Cold War Legacy: Low-Level Nuclear Weapons Waste
SwRI engineers develop sensor technology to facilitate waste characterization and long-term storage
In the years following the second World War, the U.S. produced large amounts of new and upgraded nuclear weapons at its Department of Energy laboratories across the country. To fuel these weapons, it was necessary to manufacture as much weapons-grade nuclear material as possible, in as safe a manner as possible. Measures were taken to ensure that operating procedures were safe for facility workers and area inhabitants, but the emphasis was on production, with less consideration given to potential environmental impact. Waste generated during the fabrication process was stored in large underground tanks at the processing plants. These wastes consisted primarily of chemical solutions and precipitates containing various radionuclides (radioactive elements and compounds), as well as contaminated solvents and process residuals such as organic and inorganic solvents, metals, and some fissionable material.
The underground storage tanks range in size from 10 to 75 feet in diameter and from 30 to 35 feet high, and their volume capacity ranges from approximately 50,000 gallons to more than one million gallons. Most of the tanks are single shell, carbon steel structures, with concrete surrounding all the surfaces, and some are double shell, with an annulus between the two shells.
Before storage, much of the waste contained acids and other corrosive materials. To minimize corrosion problems, the wastes were chemically treated to be more basic (pH of approximately 11). However, it is not known what effects the treated waste may have had on the carbon steel in the tanks over the last five decades. The material in the tanks is now in the form of sludge, hard salt cake, and some liquid.
The end of the cold war brought a diminished need for a large nuclear weapon production capability as well as increased concerns about the safe storage of nuclear waste. A major concern has been the possibility that the waste might be released into the environment and contaminate the water, soil, and air around a storage facility. To guard against such an occurrence, stored waste must be characterized, retrieved from storage, treated, separated into low- and high-level waste streams, and finally put into a disposal form that effectively encapsulates the waste and isolates it from the environment for a long period of time.
Southwest Research Institute is assisting the U.S. Department of Energy, through a multiphase, multiyear contract initiated in 1994 with the Westinghouse Hanford Company, to ensure that hazardous waste storage facilities are adequate and that technology to characterize waste is available. While the high-level waste will remain in storage until a permanent disposal facility, such as the one proposed for Yucca Mountain, Nevada, is placed into service, the Westinghouse Hanford site in Washington will serve as a central repository for vitrified low-level nuclear weapons waste.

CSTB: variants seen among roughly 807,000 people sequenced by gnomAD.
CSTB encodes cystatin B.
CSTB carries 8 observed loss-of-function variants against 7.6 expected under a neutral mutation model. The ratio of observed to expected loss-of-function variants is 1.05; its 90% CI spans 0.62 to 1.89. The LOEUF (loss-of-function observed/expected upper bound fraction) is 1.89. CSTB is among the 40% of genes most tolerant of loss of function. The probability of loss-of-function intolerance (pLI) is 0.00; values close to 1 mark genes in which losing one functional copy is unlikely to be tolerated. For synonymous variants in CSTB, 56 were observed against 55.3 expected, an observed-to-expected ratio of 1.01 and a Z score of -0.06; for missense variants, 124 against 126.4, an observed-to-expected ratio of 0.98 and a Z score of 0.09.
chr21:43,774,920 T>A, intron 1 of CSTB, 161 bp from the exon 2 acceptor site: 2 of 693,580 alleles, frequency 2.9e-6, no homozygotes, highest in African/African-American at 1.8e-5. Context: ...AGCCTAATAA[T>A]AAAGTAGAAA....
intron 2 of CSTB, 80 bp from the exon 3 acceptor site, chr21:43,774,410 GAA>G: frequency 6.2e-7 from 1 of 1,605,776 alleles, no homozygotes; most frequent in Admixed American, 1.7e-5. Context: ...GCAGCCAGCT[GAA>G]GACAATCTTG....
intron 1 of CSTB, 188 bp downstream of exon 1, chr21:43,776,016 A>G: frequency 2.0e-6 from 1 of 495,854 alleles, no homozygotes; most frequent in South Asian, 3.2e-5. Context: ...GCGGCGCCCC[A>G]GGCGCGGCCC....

The Institute has teamed with Los Alamos Technical Associates, British Nuclear Fuels, Ltd., and TRW to provide a full-service, cost-effective solution for the Department of Energy. SwRI has developed nondestructive evaluation (NDE) sensors and sensor system technology to help ensure the safe and adequate handling of the waste. In addition, SwRI engineers are designing and fabricating hardware for a robotic, light duty utility arm (LDUA) that can lift up to 75 pounds and to which specialized tools, or end-effectors, will be attached that can visualize, grasp, and analyze core samples of materials inside the tanks.
Southwest Research Institute sensor system technology will be employed in a number of ways to detect and monitor storage tank corrosion damage. To nondestructively and remotely detect corrosion effects, Institute engineers are developing mechanically manipulated sensors to examine the outer walls of double shell tanks in the annulus area. For single shell tanks, NDE sensors attached to robotic end-effectors will assess interior tank wall conditions. A wide range of sensors is also needed to verify that equipment inserted into the waste is operating properly and not causing any hazardous effects, such as damage to tank walls.